Hi everybody. First, as many of you know, I kinda messed up last week’s “Lightroom Coffee Break” by accidentally posting the wrong video (instead of the one that showed how to get more info from your library module thumbnails). It’s fixed now (sorry about that), and thanks for letting me know about it.

This week, in a video that has doubly tested to ensure that it is indeed the correct video from the awesome Benjamin Warde, he shows us a little-known secret about why Keyword Sets are limited to just nine key words, and believe it or not, it’s a good thing, because he reveals why, and the why will make your keyworking faster! 🙂

Ahhhh, see? That’s a pretty sweet little tip-a-roomie!

Hope you found that helpful, and we’ll catch ya back here tomorrow. 🙂



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What kind of keywords should I assign to my photos?

In previous weeks, we’ve discussed the benefits of keeping all of the photos in a single catalog and using Lightroom’s tools to organize them. For the next four posts in the series, we’re exploring keywords. Keyword tags are text metadata used to describe the content of the photo. Unlike collections, keywords can be stored in the metadata of the files and understood by a wide range of software, so your efforts are not wasted, even if you later move to other software.

Image recognition software is already able to identify many subjects, reducing the need for keywords. If you’re a CC subscriber, you can try it today with your own photos using Lightroom Web, or the Excire plug-in adds similar functionality to Lightroom Desktop. However, it’s likely to be some time before software can correctly name your friends and family, or tell the difference between a lesser spotted and great spotted woodpecker, so some keywords are still important.

What kind of keywords would you use to describe your photos?

If you’ve never keyworded photos before, you may be wondering where to start. There are no hard and fast rules for keywording (unless you’re shooting for Stock Photography). Assuming you’re shooting primarily for yourself, the main rule is simple—use keywords that will help you find the photos again later!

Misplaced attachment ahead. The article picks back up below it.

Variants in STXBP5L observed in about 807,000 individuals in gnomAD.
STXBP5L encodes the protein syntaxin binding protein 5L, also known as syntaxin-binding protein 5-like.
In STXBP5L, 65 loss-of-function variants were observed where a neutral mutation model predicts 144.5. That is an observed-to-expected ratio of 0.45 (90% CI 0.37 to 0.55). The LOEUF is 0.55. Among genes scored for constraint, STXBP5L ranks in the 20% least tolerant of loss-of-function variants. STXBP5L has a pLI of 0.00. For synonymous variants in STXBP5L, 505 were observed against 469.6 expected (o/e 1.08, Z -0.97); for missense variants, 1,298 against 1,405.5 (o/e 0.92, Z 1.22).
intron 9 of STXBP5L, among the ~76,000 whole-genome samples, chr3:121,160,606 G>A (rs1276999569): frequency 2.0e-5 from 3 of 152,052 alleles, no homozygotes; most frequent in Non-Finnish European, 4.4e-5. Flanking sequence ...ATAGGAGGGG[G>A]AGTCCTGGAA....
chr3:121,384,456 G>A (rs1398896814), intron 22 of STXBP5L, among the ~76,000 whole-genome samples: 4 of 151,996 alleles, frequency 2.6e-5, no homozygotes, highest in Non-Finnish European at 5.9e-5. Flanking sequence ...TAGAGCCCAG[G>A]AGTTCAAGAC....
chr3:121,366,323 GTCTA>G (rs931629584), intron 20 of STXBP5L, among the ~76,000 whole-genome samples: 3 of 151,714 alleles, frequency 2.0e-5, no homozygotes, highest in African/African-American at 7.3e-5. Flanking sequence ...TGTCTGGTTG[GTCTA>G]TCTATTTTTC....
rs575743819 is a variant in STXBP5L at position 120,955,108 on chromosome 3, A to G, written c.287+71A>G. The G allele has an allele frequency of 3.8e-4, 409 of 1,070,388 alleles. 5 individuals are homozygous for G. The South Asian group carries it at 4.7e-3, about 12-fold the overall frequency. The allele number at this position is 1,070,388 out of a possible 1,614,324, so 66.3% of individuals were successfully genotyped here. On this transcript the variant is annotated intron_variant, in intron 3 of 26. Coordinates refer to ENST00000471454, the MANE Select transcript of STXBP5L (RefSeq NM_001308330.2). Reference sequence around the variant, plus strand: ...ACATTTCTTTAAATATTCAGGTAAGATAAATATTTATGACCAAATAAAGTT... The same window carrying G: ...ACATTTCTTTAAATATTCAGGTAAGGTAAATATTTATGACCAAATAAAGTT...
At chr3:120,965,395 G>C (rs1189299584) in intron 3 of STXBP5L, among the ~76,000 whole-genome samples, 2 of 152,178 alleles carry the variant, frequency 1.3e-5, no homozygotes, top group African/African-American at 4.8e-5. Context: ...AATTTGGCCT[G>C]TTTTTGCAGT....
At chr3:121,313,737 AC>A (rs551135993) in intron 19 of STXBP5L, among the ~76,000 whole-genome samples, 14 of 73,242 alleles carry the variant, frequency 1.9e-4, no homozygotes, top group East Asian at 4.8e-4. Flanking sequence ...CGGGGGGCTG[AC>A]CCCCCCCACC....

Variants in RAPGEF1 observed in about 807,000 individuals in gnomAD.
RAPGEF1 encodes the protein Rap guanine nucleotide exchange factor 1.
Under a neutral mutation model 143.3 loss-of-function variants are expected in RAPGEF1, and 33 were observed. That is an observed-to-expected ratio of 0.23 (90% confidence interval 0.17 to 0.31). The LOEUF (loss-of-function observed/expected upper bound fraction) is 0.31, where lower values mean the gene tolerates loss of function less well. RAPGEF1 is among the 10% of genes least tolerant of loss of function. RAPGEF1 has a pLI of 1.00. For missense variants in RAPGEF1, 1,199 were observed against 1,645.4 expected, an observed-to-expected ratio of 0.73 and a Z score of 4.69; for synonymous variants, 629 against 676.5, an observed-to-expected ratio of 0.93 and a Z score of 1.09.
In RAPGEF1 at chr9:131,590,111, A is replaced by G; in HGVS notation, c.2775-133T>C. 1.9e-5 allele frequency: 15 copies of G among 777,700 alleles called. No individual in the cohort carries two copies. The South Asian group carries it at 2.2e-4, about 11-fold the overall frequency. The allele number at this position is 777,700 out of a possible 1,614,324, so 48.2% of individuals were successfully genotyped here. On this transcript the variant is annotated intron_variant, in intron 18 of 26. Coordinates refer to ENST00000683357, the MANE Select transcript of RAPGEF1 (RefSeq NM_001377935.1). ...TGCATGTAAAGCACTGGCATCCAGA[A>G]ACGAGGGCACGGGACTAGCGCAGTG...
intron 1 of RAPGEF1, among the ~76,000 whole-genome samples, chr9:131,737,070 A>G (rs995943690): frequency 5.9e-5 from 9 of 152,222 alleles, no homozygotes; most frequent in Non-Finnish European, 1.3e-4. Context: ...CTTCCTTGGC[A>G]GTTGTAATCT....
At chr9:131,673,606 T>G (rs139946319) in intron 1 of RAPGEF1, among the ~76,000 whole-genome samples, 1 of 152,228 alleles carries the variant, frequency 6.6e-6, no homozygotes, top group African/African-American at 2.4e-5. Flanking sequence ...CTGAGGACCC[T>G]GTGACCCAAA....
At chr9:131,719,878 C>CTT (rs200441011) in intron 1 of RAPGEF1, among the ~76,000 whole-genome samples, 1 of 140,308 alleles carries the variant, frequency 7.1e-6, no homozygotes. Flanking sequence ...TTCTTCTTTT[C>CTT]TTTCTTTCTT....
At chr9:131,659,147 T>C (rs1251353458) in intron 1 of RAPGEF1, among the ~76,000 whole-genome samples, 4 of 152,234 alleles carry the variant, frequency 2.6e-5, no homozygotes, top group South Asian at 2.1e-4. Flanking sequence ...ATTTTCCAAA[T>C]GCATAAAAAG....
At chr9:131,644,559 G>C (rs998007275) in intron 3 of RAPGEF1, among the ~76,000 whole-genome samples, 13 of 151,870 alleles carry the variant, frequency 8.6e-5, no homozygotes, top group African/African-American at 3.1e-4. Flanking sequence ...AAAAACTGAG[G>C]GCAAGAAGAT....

For example, they can include:

  • Who is in the photo (people – Face Recognition can also be useful)
  • What is in the photo (other subjects or objects)
  • Where the photo was taken (names of locations)
  • Why the photo was taken (what’s happening)
  • When the photo was taken (sunrise/sunset, season, event)
  • How the photo was taken (HDR, tilt-shift, panoramic)

Before you start applying keywords to photos, think about the kinds of words you would use to search for your photos.

The importance of consistency

While you’re planning the kind of keywords you’ll use, also think about consistency within your keyword list, otherwise you’ll spend a lot of time tidying up your keyword list later. For example:

  • Grouping—as with folders and collections, you can use a hierarchical list of keywords instead of a long flat list. We’ll consider the pros and cons in the next post.
  • Capitalization—stick to lower case for everything except names of people and places.
  • Quantity—either use singular or plural, but avoid mixing them (either have bird, cat and dog or birds, cats and dogs). Where the plural spelling is different, for example, puppy vs. puppies, you can put the other spelling in the Synonyms field so it’s still fully searchable.
  • Verbs—stick to a single form, for example, running, playing, jumping rather than mixing run, jumping, play.
  • Name formats—consider how you’ll handle nicknames or last names for married women. Many use the married name followed by the maiden name (e.g., Mary Married née Maiden), while others choose to put previous names and nicknames in the Synonyms field.

Need some ideas? While controlled vocabularies are overkill for most amateur photographers, they can be a great place to get ideas for your own keywords and list structure. Here’s a list of some popular keyword lists, both free and paid.

In the next post in the series, we’ll consider the advantages and disadvantages of flat and hierarchical keyword lists, and then we’ll put the theory into practice in the following posts.

The post What kind of keywords should I assign to my photos? appeared first on The Lightroom Queen.

Lightroom Catalogs – Top 10 Misunderstandings

confusionLightroom has two primary functions – organizing your photos and editing them. Although its organizational tools are powerful, they’re also the most misunderstood, so over the forthcoming weeks, we’ll discuss the best practices for using catalogs, folders, collections and keywords, and then we’ll discuss how to tidy up your existing catalog, if you wish to do so. First, however, let’s talk about some of the most common catalog-related misunderstandings.

#1 – Your photos are not “in” Lightroom

When you import photos into Lightroom, they’re not really “in” Lightroom. The metadata describing the photos is added to a database (called the catalog) as text records, along with a link to that file on the hard drive. Small JPEG previews are also stored next to the catalog, so you can view the photos when the original files are offline.

Imagine an index of the books in a library. The library catalog tells you a little about the book and which shelf it’s stored on, and maybe even gives you a preview of the cover, but it doesn’t contain the book itself. The Lightroom catalog works in the same way.

We’ll come back to the catalog concept in more detail next week, but for now, remember one thing: don’t delete your original photos thinking that they’re safely stored in Lightroom. They’re not.